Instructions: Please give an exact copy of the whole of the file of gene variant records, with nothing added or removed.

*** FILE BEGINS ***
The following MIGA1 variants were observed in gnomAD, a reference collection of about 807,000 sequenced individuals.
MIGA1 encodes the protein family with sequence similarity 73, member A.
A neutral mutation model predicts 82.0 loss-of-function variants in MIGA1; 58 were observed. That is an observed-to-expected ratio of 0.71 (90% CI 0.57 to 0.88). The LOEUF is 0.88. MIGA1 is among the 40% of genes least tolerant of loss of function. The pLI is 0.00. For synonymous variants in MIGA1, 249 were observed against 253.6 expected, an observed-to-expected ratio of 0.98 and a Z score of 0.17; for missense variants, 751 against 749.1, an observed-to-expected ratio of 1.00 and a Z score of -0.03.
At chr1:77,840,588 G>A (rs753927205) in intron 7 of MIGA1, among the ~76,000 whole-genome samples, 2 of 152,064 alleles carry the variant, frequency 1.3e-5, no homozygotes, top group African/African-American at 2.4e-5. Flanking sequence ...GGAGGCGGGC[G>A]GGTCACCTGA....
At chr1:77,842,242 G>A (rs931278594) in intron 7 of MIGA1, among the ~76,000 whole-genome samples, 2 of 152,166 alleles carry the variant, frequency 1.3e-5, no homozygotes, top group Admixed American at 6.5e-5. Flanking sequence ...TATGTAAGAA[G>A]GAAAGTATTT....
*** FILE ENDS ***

The following MIGA1 variants were observed in gnomAD, a reference collection of about 807,000 sequenced individuals.
MIGA1 encodes the protein family with sequence similarity 73, member A.
A neutral mutation model predicts 82.0 loss-of-function variants in MIGA1; 58 were observed. That is an observed-to-expected ratio of 0.71 (90% CI 0.57 to 0.88). The LOEUF is 0.88. MIGA1 is among the 40% of genes least tolerant of loss of function. The pLI is 0.00. For synonymous variants in MIGA1, 249 were observed against 253.6 expected, an observed-to-expected ratio of 0.98 and a Z score of 0.17; for missense variants, 751 against 749.1, an observed-to-expected ratio of 1.00 and a Z score of -0.03.
At chr1:77,840,588 G>A (rs753927205) in intron 7 of MIGA1, among the ~76,000 whole-genome samples, 2 of 152,064 alleles carry the variant, frequency 1.3e-5, no homozygotes, top group African/African-American at 2.4e-5. Flanking sequence ...GGAGGCGGGC[G>A]GGTCACCTGA....
At chr1:77,842,242 G>A (rs931278594) in intron 7 of MIGA1, among the ~76,000 whole-genome samples, 2 of 152,166 alleles carry the variant, frequency 1.3e-5, no homozygotes, top group Admixed American at 6.5e-5. Flanking sequence ...TATGTAAGAA[G>A]GAAAGTATTT....